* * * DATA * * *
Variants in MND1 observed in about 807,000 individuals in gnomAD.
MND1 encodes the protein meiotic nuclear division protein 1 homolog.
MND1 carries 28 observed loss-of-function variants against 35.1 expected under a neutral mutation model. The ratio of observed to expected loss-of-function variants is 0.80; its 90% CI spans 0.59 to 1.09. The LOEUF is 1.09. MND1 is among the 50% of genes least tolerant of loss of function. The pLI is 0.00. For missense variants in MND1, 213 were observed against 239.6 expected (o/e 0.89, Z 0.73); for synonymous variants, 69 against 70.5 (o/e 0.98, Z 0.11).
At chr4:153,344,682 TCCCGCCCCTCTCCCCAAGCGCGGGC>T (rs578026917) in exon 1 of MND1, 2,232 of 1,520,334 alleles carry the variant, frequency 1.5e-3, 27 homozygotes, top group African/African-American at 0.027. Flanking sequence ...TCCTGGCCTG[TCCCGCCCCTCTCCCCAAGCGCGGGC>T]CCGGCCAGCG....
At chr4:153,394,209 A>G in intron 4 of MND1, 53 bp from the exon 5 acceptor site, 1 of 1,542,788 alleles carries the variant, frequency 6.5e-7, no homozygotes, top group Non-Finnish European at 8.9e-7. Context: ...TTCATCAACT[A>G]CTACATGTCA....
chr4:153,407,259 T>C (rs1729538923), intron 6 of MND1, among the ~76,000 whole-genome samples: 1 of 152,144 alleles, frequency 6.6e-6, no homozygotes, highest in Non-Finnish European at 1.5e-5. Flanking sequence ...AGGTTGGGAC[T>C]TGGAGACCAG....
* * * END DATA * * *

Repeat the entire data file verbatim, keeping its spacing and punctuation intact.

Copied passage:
Variants in MND1 observed in about 807,000 individuals in gnomAD.
MND1 encodes the protein meiotic nuclear division protein 1 homolog.
MND1 carries 28 observed loss-of-function variants against 35.1 expected under a neutral mutation model. The ratio of observed to expected loss-of-function variants is 0.80; its 90% CI spans 0.59 to 1.09. The LOEUF is 1.09. MND1 is among the 50% of genes least tolerant of loss of function. The pLI is 0.00. For missense variants in MND1, 213 were observed against 239.6 expected (o/e 0.89, Z 0.73); for synonymous variants, 69 against 70.5 (o/e 0.98, Z 0.11).
At chr4:153,344,682 TCCCGCCCCTCTCCCCAAGCGCGGGC>T (rs578026917) in exon 1 of MND1, 2,232 of 1,520,334 alleles carry the variant, frequency 1.5e-3, 27 homozygotes, top group African/African-American at 0.027. Flanking sequence ...TCCTGGCCTG[TCCCGCCCCTCTCCCCAAGCGCGGGC>T]CCGGCCAGCG....
At chr4:153,394,209 A>G in intron 4 of MND1, 53 bp from the exon 5 acceptor site, 1 of 1,542,788 alleles carries the variant, frequency 6.5e-7, no homozygotes, top group Non-Finnish European at 8.9e-7. Context: ...TTCATCAACT[A>G]CTACATGTCA....
chr4:153,407,259 T>C (rs1729538923), intron 6 of MND1, among the ~76,000 whole-genome samples: 1 of 152,144 alleles, frequency 6.6e-6, no homozygotes, highest in Non-Finnish European at 1.5e-5. Flanking sequence ...AGGTTGGGAC[T>C]TGGAGACCAG....